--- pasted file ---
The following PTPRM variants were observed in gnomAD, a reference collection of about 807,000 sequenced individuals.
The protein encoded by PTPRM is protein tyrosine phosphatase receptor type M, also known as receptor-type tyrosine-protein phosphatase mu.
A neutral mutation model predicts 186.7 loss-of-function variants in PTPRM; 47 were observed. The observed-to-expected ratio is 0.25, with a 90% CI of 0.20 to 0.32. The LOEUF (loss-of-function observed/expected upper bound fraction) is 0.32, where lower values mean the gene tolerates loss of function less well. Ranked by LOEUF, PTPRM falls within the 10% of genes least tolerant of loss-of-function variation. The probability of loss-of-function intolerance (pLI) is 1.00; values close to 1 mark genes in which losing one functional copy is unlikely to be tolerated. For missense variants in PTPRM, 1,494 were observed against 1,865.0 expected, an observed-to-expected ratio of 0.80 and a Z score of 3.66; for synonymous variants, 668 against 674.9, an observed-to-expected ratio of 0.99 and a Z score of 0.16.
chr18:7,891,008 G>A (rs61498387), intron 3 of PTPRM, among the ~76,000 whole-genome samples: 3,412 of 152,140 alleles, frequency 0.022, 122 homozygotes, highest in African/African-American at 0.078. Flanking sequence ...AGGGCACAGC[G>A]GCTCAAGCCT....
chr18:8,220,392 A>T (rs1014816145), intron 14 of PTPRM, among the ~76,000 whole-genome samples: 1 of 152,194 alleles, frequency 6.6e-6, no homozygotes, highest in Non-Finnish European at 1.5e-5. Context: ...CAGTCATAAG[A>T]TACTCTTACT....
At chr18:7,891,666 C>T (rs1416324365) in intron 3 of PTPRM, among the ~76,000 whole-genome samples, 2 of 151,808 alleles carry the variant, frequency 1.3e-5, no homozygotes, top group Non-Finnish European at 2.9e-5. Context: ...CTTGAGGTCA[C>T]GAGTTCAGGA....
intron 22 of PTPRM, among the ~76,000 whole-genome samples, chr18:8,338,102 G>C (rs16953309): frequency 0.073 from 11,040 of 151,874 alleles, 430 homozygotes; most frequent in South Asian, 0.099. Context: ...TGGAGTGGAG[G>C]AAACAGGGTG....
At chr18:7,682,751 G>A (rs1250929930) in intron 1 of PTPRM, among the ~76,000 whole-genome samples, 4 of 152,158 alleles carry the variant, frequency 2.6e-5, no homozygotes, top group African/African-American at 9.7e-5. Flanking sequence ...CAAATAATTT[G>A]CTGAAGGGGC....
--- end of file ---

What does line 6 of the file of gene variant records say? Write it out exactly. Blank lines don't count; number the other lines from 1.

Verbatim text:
At chr18:7,891,666 C>T (rs1416324365) in intron 3 of PTPRM, among the ~76,000 whole-genome samples, 2 of 151,808 alleles carry the variant, frequency 1.3e-5, no homozygotes, top group Non-Finnish European at 2.9e-5. Context: ...CTTGAGGTCA[C>T]GAGTTCAGGA....